Fourth stage (also Quatrième Cru Classé) in the context of the Bordeaux classification for red wines of the Médoc in 1855, see there.
The wine-growing area is part of the French region of Bordeaux; the name means "middle land". It lies northwest of the city of Bordeaux on the triangular peninsula between the Gironde estuary formed by the confluence of the Garonne and Dordogne rivers and the Atlantic Ocean. The strip, about 70 kilometres long and 5 to 12 kilometres wide, is dominated by vineyards and interrupted by pastures, scrubland and polders (floodplains). The area is divided into two regional appellations (Bas-Médoc and Haut-Médoc) and six communal appellations within Haut-Medoc, with around 16,000 hectares of vines. Médoc is probably the most famous appellation in the Bordelais and also one of the most important and best red wine regions in France and the world.
Viticulture came to this area relatively late. In the 17th century, under the guidance of Dutch dam and hydraulic engineering specialists, the coasts were straightened, swampy ground areas drained and streams regulated. This is why the area was called "La Petite Hollande" for a long time. Since there was no viticulture in the area at that time, the Dutch bought wines from the "Bordeaux hinterland", which was known as Haut-Pays and the wines from there as "Vin de Haut" or in Dutch "Hooglansche Wijn". Later, many vineyards were planted or small areas were acquired and combined to form larger estates, including by the famous Ségur family. Médoc has particularly good conditions for winegrowing. These are the mild climate, the very poor and deep gravel soil in many places, which forces the vines to drive their roots deep into the ground, and the good water drainage in the soil. Despite the close proximity to the Atlantic, the climate is not humid, as the many pine forests provide excellent protection against winds and rain from the west.
Médoc is divided into the northern area Bas-Médoc (usually somewhat confusingly referred to as Médoc because it does not refer to the entire area) with 5,600 hectares and the southern area Haut-Médoc with 4,600 hectares of vines (the sizes refer to the two appellations without the six communes listed below). The border runs at Saint-Seurin-de-Cadourne, north of the commune of Saint-Estèphe. Haut-Médoc begins at the southern commune corner of Blanquefort, which forms the northern border with the Graves area. Both areas are also entitled to their own appellation. They are distinguished by quite different soil types. In Haut-Médoc, the gravelly soil means that the wines can be classified somewhat higher and have more race and finesse. The six famous communes of Margaux, Moulis, Listrac-Médoc, Pauillac, Saint-Estèphe and Saint-Julien form their own appellations within Haut-Médoc.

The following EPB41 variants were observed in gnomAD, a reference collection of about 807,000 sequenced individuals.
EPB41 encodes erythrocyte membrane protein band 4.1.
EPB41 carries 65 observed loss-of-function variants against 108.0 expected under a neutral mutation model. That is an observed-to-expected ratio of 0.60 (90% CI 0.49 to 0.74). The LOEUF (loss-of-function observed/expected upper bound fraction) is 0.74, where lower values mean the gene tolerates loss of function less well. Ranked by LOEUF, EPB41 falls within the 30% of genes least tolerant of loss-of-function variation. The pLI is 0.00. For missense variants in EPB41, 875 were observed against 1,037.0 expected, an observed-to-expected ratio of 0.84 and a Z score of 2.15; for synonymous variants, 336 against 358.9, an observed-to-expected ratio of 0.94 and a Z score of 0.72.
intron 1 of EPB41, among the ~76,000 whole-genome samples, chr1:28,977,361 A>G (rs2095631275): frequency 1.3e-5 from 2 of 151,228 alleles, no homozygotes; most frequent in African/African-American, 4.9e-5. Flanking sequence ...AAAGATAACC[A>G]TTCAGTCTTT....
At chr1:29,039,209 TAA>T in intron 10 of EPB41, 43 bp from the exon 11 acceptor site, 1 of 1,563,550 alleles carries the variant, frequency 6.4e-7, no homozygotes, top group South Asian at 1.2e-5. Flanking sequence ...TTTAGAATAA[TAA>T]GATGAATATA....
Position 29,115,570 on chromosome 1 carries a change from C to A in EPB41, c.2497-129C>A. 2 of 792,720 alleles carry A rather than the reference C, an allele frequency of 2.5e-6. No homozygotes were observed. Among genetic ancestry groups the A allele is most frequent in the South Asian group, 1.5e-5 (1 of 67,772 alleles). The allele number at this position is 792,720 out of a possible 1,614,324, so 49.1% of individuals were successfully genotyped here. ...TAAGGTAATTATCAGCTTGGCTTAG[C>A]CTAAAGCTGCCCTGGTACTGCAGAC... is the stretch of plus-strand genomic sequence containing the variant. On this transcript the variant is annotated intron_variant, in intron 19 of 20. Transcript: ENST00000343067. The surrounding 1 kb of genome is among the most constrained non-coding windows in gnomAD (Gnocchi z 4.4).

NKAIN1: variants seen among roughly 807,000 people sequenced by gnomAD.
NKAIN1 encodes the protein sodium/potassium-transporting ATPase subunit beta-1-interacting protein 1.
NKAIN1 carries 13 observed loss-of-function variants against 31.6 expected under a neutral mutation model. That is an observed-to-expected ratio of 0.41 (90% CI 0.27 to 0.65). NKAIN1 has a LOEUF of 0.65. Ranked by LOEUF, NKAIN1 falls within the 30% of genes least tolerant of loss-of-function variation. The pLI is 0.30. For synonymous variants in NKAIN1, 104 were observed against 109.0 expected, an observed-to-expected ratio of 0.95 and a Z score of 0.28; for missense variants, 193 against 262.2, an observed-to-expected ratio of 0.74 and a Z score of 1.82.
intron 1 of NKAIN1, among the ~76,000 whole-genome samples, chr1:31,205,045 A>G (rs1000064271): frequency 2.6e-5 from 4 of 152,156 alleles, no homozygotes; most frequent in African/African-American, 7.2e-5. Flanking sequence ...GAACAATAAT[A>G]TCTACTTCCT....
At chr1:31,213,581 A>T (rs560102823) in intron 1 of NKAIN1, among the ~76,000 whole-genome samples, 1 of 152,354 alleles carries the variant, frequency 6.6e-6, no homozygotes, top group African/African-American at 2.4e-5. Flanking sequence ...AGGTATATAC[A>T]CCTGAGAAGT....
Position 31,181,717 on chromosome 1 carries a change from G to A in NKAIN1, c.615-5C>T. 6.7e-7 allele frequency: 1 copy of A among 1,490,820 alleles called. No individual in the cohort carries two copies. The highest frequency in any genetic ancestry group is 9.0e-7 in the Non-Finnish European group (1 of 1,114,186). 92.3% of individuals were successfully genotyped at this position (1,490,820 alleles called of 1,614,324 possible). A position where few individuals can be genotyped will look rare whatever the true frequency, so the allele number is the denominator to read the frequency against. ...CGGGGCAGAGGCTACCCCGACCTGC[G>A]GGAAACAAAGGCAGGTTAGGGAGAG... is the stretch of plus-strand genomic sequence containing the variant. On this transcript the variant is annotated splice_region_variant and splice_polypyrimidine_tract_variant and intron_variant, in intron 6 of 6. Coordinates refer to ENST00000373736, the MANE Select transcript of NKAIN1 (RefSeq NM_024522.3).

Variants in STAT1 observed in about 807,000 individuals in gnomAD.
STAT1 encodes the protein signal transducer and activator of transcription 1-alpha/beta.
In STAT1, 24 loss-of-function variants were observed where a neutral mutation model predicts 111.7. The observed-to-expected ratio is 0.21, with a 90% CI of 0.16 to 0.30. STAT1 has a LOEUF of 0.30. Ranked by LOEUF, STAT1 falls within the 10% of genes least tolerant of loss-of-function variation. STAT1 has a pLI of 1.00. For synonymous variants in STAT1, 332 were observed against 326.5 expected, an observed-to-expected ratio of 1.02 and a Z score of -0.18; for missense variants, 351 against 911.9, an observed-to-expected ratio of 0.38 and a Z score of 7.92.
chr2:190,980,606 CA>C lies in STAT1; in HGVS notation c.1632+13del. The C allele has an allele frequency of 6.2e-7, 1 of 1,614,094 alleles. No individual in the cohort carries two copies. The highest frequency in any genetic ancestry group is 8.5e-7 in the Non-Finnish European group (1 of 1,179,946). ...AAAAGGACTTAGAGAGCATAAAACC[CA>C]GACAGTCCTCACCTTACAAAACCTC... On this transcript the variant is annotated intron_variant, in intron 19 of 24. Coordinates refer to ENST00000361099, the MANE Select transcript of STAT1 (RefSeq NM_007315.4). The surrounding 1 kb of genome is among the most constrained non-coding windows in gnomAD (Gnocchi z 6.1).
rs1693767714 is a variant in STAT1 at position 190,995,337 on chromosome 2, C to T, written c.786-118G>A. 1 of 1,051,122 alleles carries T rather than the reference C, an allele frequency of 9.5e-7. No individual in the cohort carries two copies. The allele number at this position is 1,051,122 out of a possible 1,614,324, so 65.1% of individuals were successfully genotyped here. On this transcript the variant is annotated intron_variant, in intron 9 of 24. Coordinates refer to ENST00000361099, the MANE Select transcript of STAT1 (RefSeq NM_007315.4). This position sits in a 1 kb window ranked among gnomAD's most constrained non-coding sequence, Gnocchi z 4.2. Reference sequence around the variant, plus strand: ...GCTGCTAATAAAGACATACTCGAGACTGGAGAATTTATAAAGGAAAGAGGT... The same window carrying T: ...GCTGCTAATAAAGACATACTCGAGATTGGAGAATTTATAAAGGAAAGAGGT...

The wines from the other communes bear the origin "Haut-Médoc", the wines from Bas-Médoc simply "Médoc" or rarely "Bas-Médoc". They are made from the typical grape varieties in the Bordeaux blend, with Cabernet Sauvignon tending to dominate in Haut-Médoc and Merlot in Bas-Médoc. The grape variety mix differs, however, mainly by whether one is on the rive droite (right bank) or rive gauche (left bank) of the Garonne/Dordogne or Gironde. The less important white wines are mainly made from Sauvignon Blanc. Typical of the Médoc are the numerous magnificent châteaux, which also deserve this designation (as "château") from an architectural point of view. However, this is not a sign of quality, because there are also wineries with very simple buildings where great wines are produced.
In 1855, the famous Bordeaux classification took place (the reason or the process is described there). Out of a total of 4,000 châteaux or red wines, only 61 (that is the number from today's point of view, see then below) were deemed worthy of inclusion. With the sole exception of Château Haut-Brion from the Graves region, only Châteaux from the Médoc are included. The official presentation took place with great pomp on 18 April 1855. The Châteaux were grouped into five classes. Within these five classes, the wines were ranked in descending order based on their average price. Château Lafite-Rothschild was at the top of the list.
The order of the châteaux at that time is shown in the table below. Today, the class is rather rarely included on the bottle label, but often only the text "Grand Cru Classé en 1855" is given. The lesser-known Deuxièmes, however, very often indicate their status in order to be renowned. Even Baron Philippe de Rothschild did not miss the opportunity in 1973 to document the elevation of Château Mouton-Rothschild to the...